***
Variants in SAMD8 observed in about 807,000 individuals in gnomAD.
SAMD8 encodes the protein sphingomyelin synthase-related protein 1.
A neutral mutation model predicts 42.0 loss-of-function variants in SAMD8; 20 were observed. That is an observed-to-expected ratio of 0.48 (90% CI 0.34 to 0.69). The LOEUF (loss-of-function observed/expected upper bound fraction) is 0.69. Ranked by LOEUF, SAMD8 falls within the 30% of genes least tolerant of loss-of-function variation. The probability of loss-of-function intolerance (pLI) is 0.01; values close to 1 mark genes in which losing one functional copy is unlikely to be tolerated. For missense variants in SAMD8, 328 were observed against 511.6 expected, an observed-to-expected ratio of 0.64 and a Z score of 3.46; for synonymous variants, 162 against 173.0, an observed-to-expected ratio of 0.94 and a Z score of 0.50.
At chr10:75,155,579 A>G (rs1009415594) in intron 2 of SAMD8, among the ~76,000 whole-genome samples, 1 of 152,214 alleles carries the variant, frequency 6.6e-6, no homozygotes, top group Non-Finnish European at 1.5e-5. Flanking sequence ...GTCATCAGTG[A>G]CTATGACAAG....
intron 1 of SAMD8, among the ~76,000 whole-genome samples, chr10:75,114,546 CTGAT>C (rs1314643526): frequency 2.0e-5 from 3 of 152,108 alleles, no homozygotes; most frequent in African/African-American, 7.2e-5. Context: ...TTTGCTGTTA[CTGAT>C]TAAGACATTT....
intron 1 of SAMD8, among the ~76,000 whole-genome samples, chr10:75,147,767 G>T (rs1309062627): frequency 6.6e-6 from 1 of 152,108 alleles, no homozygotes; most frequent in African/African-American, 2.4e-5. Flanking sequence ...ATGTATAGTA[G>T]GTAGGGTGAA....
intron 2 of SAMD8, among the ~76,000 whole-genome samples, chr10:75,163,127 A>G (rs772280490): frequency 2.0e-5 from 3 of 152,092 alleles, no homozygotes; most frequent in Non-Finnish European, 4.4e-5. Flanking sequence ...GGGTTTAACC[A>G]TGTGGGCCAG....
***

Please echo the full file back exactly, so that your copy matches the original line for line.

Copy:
Variants in SAMD8 observed in about 807,000 individuals in gnomAD.
SAMD8 encodes the protein sphingomyelin synthase-related protein 1.
A neutral mutation model predicts 42.0 loss-of-function variants in SAMD8; 20 were observed. That is an observed-to-expected ratio of 0.48 (90% CI 0.34 to 0.69). The LOEUF (loss-of-function observed/expected upper bound fraction) is 0.69. Ranked by LOEUF, SAMD8 falls within the 30% of genes least tolerant of loss-of-function variation. The probability of loss-of-function intolerance (pLI) is 0.01; values close to 1 mark genes in which losing one functional copy is unlikely to be tolerated. For missense variants in SAMD8, 328 were observed against 511.6 expected, an observed-to-expected ratio of 0.64 and a Z score of 3.46; for synonymous variants, 162 against 173.0, an observed-to-expected ratio of 0.94 and a Z score of 0.50.
At chr10:75,155,579 A>G (rs1009415594) in intron 2 of SAMD8, among the ~76,000 whole-genome samples, 1 of 152,214 alleles carries the variant, frequency 6.6e-6, no homozygotes, top group Non-Finnish European at 1.5e-5. Flanking sequence ...GTCATCAGTG[A>G]CTATGACAAG....
intron 1 of SAMD8, among the ~76,000 whole-genome samples, chr10:75,114,546 CTGAT>C (rs1314643526): frequency 2.0e-5 from 3 of 152,108 alleles, no homozygotes; most frequent in African/African-American, 7.2e-5. Context: ...TTTGCTGTTA[CTGAT>C]TAAGACATTT....
intron 1 of SAMD8, among the ~76,000 whole-genome samples, chr10:75,147,767 G>T (rs1309062627): frequency 6.6e-6 from 1 of 152,108 alleles, no homozygotes; most frequent in African/African-American, 2.4e-5. Flanking sequence ...ATGTATAGTA[G>T]GTAGGGTGAA....
intron 2 of SAMD8, among the ~76,000 whole-genome samples, chr10:75,163,127 A>G (rs772280490): frequency 2.0e-5 from 3 of 152,092 alleles, no homozygotes; most frequent in Non-Finnish European, 4.4e-5. Flanking sequence ...GGGTTTAACC[A>G]TGTGGGCCAG....